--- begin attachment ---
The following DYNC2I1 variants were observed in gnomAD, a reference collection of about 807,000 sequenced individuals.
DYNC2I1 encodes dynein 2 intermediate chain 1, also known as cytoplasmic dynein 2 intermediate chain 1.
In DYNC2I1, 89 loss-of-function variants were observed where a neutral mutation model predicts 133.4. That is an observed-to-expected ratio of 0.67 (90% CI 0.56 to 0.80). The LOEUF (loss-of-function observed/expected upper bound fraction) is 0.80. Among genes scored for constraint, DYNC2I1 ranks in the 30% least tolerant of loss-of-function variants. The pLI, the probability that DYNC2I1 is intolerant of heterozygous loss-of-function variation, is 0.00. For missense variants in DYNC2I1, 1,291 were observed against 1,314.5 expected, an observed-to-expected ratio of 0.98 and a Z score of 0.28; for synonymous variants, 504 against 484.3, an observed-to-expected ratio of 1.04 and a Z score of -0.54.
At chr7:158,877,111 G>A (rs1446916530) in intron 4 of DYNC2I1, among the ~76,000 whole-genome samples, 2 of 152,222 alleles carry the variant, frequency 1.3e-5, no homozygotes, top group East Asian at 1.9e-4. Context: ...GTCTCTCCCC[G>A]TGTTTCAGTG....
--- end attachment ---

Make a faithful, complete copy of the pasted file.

The following DYNC2I1 variants were observed in gnomAD, a reference collection of about 807,000 sequenced individuals.
DYNC2I1 encodes dynein 2 intermediate chain 1, also known as cytoplasmic dynein 2 intermediate chain 1.
In DYNC2I1, 89 loss-of-function variants were observed where a neutral mutation model predicts 133.4. That is an observed-to-expected ratio of 0.67 (90% CI 0.56 to 0.80). The LOEUF (loss-of-function observed/expected upper bound fraction) is 0.80. Among genes scored for constraint, DYNC2I1 ranks in the 30% least tolerant of loss-of-function variants. The pLI, the probability that DYNC2I1 is intolerant of heterozygous loss-of-function variation, is 0.00. For missense variants in DYNC2I1, 1,291 were observed against 1,314.5 expected, an observed-to-expected ratio of 0.98 and a Z score of 0.28; for synonymous variants, 504 against 484.3, an observed-to-expected ratio of 1.04 and a Z score of -0.54.
At chr7:158,877,111 G>A (rs1446916530) in intron 4 of DYNC2I1, among the ~76,000 whole-genome samples, 2 of 152,222 alleles carry the variant, frequency 1.3e-5, no homozygotes, top group East Asian at 1.9e-4. Context: ...GTCTCTCCCC[G>A]TGTTTCAGTG....